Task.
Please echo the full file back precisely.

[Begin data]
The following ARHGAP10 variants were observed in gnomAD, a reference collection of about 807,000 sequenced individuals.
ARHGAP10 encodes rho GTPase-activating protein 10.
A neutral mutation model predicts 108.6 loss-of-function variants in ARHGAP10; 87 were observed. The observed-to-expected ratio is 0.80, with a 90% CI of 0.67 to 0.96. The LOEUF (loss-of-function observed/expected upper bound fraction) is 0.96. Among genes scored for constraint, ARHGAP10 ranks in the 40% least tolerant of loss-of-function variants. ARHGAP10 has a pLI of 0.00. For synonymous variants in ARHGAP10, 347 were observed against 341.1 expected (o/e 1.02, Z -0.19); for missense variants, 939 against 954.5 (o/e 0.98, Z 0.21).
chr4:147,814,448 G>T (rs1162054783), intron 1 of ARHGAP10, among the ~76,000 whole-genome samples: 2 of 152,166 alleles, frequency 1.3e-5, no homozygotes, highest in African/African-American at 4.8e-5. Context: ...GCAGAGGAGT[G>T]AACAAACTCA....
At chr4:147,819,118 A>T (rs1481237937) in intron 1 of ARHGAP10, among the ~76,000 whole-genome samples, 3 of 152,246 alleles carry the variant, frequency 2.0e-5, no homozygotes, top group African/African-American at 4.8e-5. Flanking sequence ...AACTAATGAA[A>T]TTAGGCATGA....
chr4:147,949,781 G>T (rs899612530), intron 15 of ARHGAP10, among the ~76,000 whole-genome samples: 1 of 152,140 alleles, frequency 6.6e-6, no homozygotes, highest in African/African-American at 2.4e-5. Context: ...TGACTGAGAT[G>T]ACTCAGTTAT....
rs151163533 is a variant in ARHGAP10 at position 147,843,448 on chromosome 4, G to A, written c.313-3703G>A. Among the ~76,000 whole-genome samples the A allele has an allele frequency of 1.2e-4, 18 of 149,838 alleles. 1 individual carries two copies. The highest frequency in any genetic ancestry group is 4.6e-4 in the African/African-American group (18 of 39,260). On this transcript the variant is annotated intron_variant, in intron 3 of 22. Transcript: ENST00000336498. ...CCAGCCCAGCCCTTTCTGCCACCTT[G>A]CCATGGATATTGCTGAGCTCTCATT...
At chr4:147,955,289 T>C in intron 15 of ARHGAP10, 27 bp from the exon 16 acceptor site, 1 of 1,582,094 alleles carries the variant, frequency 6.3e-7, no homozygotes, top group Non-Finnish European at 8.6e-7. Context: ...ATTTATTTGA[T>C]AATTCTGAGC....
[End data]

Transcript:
The following ARHGAP10 variants were observed in gnomAD, a reference collection of about 807,000 sequenced individuals.
ARHGAP10 encodes rho GTPase-activating protein 10.
A neutral mutation model predicts 108.6 loss-of-function variants in ARHGAP10; 87 were observed. The observed-to-expected ratio is 0.80, with a 90% CI of 0.67 to 0.96. The LOEUF (loss-of-function observed/expected upper bound fraction) is 0.96. Among genes scored for constraint, ARHGAP10 ranks in the 40% least tolerant of loss-of-function variants. ARHGAP10 has a pLI of 0.00. For synonymous variants in ARHGAP10, 347 were observed against 341.1 expected (o/e 1.02, Z -0.19); for missense variants, 939 against 954.5 (o/e 0.98, Z 0.21).
chr4:147,814,448 G>T (rs1162054783), intron 1 of ARHGAP10, among the ~76,000 whole-genome samples: 2 of 152,166 alleles, frequency 1.3e-5, no homozygotes, highest in African/African-American at 4.8e-5. Context: ...GCAGAGGAGT[G>T]AACAAACTCA....
At chr4:147,819,118 A>T (rs1481237937) in intron 1 of ARHGAP10, among the ~76,000 whole-genome samples, 3 of 152,246 alleles carry the variant, frequency 2.0e-5, no homozygotes, top group African/African-American at 4.8e-5. Flanking sequence ...AACTAATGAA[A>T]TTAGGCATGA....
chr4:147,949,781 G>T (rs899612530), intron 15 of ARHGAP10, among the ~76,000 whole-genome samples: 1 of 152,140 alleles, frequency 6.6e-6, no homozygotes, highest in African/African-American at 2.4e-5. Context: ...TGACTGAGAT[G>T]ACTCAGTTAT....
rs151163533 is a variant in ARHGAP10 at position 147,843,448 on chromosome 4, G to A, written c.313-3703G>A. Among the ~76,000 whole-genome samples the A allele has an allele frequency of 1.2e-4, 18 of 149,838 alleles. 1 individual carries two copies. The highest frequency in any genetic ancestry group is 4.6e-4 in the African/African-American group (18 of 39,260). On this transcript the variant is annotated intron_variant, in intron 3 of 22. Transcript: ENST00000336498. ...CCAGCCCAGCCCTTTCTGCCACCTT[G>A]CCATGGATATTGCTGAGCTCTCATT...
At chr4:147,955,289 T>C in intron 15 of ARHGAP10, 27 bp from the exon 16 acceptor site, 1 of 1,582,094 alleles carries the variant, frequency 6.3e-7, no homozygotes, top group Non-Finnish European at 8.6e-7. Context: ...ATTTATTTGA[T>C]AATTCTGAGC....